I bake a lot.
And in all my years of baking, there has never been a recipe that has given me more trouble than this one here. Go ahead, Google "Apple Macarons." See if you find any with apple in the macaron shell, rather than just the filling. I'll wait.
The closest I got was one that used powdered apple cider mix. Not that there's anything wrong with that.
But Wednesday night is Rosh Hashanah, and everyone knows you have to have apples and honey for the Jewish New Year, so that's what I set out to make. Turns out there's a reason that no one makes apple macarons, even though you can get freeze dried apples in every supermarket. And that reason is pectin.
Pectin is like natural fruit gelatin, binding with the water molecules to thicken a liquid. Which is all well and good when you're trying to thicken apple pie filling. But baking macarons is a delicate dance between heat and moisture. Adding pectin is like inviting an elephant to the party.
But the elephant was on the guest list. So, even after throwing out the first six disastrous batches, I couldn't walk away. Then all those ground almond and egg whites would have been pitched in vain. Oh, noes!
I was just about to concede defeat this morning. Then I decided to do the exact opposite of what I've been doing with my normal macs. Essentially, I beat the meringue for twenty minutes on high speed until it was a sticky mass with almost no water left in it. Then, I laboriously folded the dries in to the thick eggs, taking almost twice as long as the normal, lighter version. These cooked for-flipping-ever: almost thirty minutes on a very low heat. Did I mention that the pectin wants desperately to turn your cookies brown? Funtimes!
In short, I finally did get this recipe to work, but I would not recommend it to a novice macaron maker. If this is your first time, you might well stick to plain ones and fill them with apple butter. This is the recipe I have had the best luck with. Don't start the New Year off crying in your kitchen!
Apples and Honey Macarons
70g blanched almonds or cashews
63g powdered sugar
6g freeze dried apples
1/8 teaspoon cinnamon
pinch of salt
52g egg whites
2g powdered whites
52g granulated sugar
1/2 teaspoon vanilla extract
1 drop gel food coloring (optional)
113g unsalted butter, softened
93g powdered sugar
1 teaspoon lemon juice
parchment paper or silicon liner
round pastry tip
Grind almonds, sugar, and apples in spice grinder, then sift together with cinnamon. Re-grind any lumps, and discard the last half teaspoon of chunks. Beat liquid and powdered eggwhites on low speed, Kitchenaid 4, for four minutes until foamy. Increase speed to level 6 and beat for eight minutes, adding a tablespoon of the granulated sugar every minute or so until it's all incorporated. You should be at the consistency of whipped cream at this point. Beat on KA 8 for four minutes until the meringue is clotting in the middle of the whisk. Add vanilla and coloring, beat another two minutes on 10.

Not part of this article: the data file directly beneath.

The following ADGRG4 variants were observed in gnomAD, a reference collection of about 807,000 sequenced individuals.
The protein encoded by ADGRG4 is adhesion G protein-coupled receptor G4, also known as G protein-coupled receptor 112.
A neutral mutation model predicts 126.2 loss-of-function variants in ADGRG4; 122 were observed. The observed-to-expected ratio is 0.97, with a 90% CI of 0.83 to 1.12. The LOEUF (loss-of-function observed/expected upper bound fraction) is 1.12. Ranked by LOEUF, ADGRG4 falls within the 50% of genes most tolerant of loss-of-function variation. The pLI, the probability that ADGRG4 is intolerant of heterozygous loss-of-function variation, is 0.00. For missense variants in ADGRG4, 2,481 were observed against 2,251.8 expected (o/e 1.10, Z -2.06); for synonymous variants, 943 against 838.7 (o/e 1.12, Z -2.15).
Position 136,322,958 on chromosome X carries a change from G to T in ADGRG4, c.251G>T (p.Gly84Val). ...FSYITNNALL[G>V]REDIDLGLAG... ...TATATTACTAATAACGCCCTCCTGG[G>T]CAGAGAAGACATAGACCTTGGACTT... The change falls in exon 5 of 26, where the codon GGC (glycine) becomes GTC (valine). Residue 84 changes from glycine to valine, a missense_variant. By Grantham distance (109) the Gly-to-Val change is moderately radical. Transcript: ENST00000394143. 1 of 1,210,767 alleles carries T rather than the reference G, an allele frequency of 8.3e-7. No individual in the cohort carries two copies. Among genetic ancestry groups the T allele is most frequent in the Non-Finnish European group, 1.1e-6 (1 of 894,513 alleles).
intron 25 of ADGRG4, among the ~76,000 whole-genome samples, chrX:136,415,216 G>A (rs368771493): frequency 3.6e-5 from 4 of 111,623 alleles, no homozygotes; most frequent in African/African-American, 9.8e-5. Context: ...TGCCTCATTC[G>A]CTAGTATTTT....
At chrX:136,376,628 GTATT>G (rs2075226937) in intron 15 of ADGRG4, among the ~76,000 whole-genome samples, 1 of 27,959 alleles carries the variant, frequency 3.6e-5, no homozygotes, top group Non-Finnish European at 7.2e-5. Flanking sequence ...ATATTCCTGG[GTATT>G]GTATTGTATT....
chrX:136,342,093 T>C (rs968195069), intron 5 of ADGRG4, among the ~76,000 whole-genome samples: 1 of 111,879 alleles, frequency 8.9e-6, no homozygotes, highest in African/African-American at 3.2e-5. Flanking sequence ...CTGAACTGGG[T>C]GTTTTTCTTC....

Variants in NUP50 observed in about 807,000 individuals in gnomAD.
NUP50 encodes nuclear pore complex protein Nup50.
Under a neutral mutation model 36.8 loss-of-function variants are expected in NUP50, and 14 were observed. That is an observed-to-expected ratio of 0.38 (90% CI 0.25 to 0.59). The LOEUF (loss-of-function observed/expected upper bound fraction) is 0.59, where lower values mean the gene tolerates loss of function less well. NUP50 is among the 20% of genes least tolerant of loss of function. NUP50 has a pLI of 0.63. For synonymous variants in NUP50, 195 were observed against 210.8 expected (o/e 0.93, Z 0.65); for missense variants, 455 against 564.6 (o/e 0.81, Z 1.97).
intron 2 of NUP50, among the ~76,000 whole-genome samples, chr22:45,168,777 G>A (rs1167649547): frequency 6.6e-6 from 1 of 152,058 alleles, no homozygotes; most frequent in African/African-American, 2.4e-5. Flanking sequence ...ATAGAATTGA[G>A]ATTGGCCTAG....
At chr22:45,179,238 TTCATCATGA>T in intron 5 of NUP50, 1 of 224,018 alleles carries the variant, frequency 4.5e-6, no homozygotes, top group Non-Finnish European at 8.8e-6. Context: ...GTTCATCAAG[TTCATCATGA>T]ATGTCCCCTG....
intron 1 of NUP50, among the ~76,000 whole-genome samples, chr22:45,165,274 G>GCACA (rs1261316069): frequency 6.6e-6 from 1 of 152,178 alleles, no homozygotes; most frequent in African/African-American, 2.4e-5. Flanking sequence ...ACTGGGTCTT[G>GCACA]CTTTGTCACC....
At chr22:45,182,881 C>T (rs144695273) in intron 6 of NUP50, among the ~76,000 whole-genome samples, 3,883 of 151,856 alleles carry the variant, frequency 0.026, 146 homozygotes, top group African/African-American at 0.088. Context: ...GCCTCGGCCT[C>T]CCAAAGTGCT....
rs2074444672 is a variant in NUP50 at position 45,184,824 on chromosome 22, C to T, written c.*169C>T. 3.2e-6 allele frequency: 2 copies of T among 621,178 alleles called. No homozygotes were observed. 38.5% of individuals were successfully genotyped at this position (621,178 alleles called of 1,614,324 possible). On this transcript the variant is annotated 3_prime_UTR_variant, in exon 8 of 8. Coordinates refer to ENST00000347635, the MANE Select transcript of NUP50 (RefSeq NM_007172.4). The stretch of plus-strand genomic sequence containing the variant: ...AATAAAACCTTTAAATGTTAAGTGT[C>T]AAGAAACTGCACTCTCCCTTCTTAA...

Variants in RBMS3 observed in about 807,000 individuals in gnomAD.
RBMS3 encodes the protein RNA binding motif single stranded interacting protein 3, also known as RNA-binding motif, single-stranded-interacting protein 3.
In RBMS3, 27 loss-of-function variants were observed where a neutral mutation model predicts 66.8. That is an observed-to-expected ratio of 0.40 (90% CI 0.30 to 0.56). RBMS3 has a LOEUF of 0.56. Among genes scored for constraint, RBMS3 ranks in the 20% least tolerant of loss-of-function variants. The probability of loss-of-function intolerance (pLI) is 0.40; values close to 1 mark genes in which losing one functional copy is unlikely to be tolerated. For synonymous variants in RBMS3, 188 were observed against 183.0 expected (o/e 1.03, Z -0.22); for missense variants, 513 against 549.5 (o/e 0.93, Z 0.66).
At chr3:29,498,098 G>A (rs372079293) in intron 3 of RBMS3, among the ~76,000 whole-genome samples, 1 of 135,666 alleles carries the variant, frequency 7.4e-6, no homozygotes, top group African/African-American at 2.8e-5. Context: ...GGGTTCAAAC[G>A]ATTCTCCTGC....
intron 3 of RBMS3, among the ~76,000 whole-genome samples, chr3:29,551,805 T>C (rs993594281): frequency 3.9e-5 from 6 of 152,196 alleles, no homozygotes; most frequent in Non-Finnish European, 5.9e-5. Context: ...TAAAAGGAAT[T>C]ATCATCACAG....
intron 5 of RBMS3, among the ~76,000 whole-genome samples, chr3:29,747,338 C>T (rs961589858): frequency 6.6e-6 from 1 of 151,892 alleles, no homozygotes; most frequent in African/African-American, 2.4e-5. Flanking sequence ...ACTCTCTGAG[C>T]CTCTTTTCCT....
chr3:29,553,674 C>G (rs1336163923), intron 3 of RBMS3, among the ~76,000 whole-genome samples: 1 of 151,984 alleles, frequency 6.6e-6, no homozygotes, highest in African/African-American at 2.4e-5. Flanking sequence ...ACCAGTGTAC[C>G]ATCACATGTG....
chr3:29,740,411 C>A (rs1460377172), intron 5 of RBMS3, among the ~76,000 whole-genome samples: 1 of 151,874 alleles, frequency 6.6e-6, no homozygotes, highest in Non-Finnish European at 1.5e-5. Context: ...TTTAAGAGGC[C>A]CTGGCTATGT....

In three portions, fold the nut mixture into the meringue. This will require a fair bit of elbow grease, but just keep working your spatula and you will get pretty close to the "molten" consistency of normal macarons.
I have a double oven, and I turn both on to cook two trays of cookies at once. If you are only using one oven, then don't pipe the second tray until the first is almost ready to go into the oven. The batter will be fine resting in the pastry bag.
Put a round tip (approx. 1cm) in your pastry bag, and pipe circles onto a Silpat- or parchment-lined baking sheet. You can use this template to pipe 3.5cm circles, yielding two trays with about 28 shells each. Take each pan and use your thumbs to anchor the mat or parchment while you bang the daylights out of them. No gentle tapping here! It should sound like hammering and result in your batter spreading noticeably.
You'll want to rest your macarons for about 35 minutes, or until you can touch them without marring the surface. One advantage of this comparatively gummy batter is that you can gently push in any "nipples" that don't settle in after piping. (Please supply your own dirty joke here.)
Preheat the oven to 270˚ convection (285˚ regular, but convection is preferable). Bake for at least 25 minutes, opening the door a few times to release any pent-up humidity. You will know they are done when you touch one and it doesn't wiggle on the base. Let the shells cool for at least 20 minutes on the pan. After that, they should be ready to fill almost immediately.
Beat together butter, honey, and powdered sugar until they are light and fluffy. Finish with the lemon juice to stop it becoming cloyingly sweet. Using a piping bag or just a sandwich bag with one corner snipped off, dollop a teaspoon of filling on half the shells, then sandwich together. Allow the flavors to develop in the fridge for at least a day before serving.
L'Shana Tova! Happy New Year! May it be sweet for all of you.